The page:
In step 820, a save document instruction is transmitted from the client computer 142 to the computer web server 124. For example, the save document instruction may be transmitted from the client computer 142 after the user clicks on a “save document” electronic button 1110 of
In step 825, the document encode routine 212 shown in
In step 830, in at least one embodiment, the Internet send routine 215 shown in
In step 910, a temporary file path is received. For example, in at least one embodiment, the temporary file path is used to store a backup copy of the document. In step 915, the document decode routine 223 on the computer web server 124 preferably decodes the string file encoded Microsoft WordŽ document copy. In step 920, the computer web server 124 preferably connects to the server database. Finally, in step 925, the document copy is saved to the server database in bit file format. In at least one embodiment, the previous bit file representation of the document copy, that is, the bit file format of the document copy before the user made changes, is overwritten with the new bit file created in step 915. The document has now been saved to the server database and has been prevented from being saved to another location such as the client computer 142, thereby resulting in a centrally stored file which can aid in easier file management and tracking, for example, identification of users who accessed and/or edited the file.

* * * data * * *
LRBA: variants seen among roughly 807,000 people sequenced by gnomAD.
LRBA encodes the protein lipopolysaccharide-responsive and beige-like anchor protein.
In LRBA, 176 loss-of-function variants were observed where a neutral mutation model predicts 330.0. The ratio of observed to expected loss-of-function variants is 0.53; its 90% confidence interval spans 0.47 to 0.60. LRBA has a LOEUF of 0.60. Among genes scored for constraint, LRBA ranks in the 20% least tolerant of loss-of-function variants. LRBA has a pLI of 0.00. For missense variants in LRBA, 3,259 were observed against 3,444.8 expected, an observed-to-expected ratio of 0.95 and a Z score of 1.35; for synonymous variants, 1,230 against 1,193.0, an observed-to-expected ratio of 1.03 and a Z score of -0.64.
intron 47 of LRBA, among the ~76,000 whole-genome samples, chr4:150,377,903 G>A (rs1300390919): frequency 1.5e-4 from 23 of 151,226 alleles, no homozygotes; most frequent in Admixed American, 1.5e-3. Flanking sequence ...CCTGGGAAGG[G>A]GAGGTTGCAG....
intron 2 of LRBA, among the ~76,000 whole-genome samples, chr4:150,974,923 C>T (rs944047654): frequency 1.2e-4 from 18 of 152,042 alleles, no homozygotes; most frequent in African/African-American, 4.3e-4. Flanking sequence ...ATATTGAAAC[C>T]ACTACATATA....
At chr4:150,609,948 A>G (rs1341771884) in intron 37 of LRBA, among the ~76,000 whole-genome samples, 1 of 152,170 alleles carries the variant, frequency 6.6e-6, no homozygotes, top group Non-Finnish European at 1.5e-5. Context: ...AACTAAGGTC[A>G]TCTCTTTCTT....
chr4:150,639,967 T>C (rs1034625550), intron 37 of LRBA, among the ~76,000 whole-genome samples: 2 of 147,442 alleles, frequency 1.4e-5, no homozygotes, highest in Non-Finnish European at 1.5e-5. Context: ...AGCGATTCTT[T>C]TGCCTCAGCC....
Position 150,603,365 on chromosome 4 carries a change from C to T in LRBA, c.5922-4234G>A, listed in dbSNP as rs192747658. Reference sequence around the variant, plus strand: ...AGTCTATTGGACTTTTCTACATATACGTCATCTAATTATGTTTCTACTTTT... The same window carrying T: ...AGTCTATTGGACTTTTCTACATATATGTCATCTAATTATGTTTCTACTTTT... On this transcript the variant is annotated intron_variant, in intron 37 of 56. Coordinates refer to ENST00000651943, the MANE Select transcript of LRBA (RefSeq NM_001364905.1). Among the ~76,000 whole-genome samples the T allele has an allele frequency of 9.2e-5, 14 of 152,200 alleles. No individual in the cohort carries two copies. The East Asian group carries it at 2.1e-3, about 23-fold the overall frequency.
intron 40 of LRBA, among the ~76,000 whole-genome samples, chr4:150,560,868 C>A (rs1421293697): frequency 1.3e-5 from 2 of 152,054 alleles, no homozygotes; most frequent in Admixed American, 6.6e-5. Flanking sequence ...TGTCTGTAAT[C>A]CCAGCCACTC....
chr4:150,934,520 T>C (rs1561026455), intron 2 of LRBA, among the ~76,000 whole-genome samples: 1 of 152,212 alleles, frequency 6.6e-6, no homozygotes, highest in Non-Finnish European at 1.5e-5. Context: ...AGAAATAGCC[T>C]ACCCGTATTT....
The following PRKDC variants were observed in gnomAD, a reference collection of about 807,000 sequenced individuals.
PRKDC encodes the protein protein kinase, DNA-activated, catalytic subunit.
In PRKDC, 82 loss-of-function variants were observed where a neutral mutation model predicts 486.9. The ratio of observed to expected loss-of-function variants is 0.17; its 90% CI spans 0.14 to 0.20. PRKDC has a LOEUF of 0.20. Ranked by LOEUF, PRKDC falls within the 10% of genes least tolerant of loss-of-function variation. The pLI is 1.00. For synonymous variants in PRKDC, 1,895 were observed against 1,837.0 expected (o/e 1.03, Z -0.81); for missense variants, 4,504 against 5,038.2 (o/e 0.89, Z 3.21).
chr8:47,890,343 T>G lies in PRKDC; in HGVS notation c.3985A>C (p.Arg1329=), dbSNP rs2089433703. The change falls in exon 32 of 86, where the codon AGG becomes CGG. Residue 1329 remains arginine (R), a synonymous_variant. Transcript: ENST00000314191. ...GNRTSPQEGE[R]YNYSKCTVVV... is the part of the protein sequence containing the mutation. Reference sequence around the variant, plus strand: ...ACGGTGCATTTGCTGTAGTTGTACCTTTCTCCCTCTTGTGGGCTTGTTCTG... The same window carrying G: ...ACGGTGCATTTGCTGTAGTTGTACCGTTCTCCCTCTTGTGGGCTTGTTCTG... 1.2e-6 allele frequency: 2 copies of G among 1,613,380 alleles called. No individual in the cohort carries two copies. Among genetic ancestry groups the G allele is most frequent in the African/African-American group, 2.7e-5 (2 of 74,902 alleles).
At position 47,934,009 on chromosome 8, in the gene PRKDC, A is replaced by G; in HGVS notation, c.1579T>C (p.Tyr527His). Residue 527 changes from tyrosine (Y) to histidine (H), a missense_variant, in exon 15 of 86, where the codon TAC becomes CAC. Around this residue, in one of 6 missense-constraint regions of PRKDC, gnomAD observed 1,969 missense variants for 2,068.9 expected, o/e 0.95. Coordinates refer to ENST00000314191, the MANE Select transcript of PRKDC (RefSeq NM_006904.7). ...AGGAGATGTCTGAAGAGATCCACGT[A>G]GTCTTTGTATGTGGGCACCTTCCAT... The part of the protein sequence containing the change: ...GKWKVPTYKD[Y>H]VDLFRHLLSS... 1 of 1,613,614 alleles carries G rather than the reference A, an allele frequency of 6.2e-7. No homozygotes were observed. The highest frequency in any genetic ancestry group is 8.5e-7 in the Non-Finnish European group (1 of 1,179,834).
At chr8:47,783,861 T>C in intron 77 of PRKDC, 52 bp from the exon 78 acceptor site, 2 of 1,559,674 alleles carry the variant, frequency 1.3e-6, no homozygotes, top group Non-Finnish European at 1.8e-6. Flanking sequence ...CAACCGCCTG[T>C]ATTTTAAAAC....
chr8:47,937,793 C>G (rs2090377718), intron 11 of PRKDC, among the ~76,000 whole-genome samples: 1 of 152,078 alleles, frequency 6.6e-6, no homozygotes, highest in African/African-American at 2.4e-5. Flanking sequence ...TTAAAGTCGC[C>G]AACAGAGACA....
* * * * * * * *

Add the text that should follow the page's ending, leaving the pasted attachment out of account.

Referring now to
Although the present invention has been described in terms of particular exemplary and alternative embodiments, it is not limited to those embodiments. Alternative embodiments, examples, and modifications which would still be encompassed by the invention may be made by those skilled in the art, particularly in light of the foregoing teachings. Although Microsoft WordŽ documents were referred to herein, it should be noted that such references were used for explanatory purposes. Other types of documents can also be used, for example, Adobe AcrobatŽ documents, databse documents (e.g. Microsoft Access), spreadsheet documents, (e.g. Microsoft Excel), presentation software documents (e.g. Microsoft Powerpoint), etc.
The present invention is applicable to any document processing environment. For example, the invention is well suited to the field medical transcriptions as it allows healthcare providers to edit documents created by medical transcriptionists in a secure and trusted fashion. The invention may also be employed in document management software to allow organizations better control of the integrity of their documents.
Those skilled in the art will appreciate that various adaptations and modifications of the exemplary and alternative embodiments described above can be configured without departing from the scope and spirit of the invention. Therefore, it is to be understood that, within the scope of the appended claims, the invention may be practiced other than as specifically described herein.
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|U.S. Classification||1/1, 707/E17.01, 707/999.001|
|International Classification||G06F17/30, G06F7/00|